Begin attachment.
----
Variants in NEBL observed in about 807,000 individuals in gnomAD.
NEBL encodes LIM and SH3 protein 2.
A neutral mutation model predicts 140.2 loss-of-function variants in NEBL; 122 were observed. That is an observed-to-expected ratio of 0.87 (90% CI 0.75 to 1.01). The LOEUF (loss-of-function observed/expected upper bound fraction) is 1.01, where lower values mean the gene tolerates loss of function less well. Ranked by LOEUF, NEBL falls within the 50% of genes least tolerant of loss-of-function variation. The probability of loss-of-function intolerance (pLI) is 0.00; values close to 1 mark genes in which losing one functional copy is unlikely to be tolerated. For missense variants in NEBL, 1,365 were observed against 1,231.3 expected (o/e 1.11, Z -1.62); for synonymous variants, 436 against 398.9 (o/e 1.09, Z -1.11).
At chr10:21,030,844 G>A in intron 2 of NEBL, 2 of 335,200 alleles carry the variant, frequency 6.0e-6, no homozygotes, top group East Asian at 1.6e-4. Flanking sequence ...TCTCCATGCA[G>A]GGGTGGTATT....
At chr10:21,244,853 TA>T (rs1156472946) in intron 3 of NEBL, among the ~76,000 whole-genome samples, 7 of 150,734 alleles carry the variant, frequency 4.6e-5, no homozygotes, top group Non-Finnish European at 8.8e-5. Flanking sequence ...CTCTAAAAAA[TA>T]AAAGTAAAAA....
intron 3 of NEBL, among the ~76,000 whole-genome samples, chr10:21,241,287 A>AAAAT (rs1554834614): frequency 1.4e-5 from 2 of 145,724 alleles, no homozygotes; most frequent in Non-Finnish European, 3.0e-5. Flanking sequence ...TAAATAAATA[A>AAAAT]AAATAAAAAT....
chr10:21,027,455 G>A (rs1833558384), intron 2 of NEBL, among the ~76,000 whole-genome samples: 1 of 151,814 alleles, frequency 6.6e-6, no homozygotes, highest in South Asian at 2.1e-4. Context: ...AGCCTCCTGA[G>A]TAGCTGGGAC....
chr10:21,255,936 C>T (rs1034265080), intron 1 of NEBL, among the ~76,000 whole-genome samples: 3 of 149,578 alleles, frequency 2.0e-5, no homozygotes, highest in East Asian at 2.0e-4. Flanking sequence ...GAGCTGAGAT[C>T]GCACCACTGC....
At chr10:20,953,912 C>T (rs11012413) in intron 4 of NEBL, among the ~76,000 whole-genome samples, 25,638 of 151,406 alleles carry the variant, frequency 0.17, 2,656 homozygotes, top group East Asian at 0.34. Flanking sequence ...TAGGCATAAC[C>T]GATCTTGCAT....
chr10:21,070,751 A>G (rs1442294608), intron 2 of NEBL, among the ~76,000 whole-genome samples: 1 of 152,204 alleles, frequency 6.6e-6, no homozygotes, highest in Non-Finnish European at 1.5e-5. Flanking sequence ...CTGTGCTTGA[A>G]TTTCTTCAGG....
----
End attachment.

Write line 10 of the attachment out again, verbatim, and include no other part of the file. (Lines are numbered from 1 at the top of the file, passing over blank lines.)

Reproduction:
chr10:21,070,751 A>G (rs1442294608), intron 2 of NEBL, among the ~76,000 whole-genome samples: 1 of 152,204 alleles, frequency 6.6e-6, no homozygotes, highest in Non-Finnish European at 1.5e-5. Flanking sequence ...CTGTGCTTGA[A>G]TTTCTTCAGG....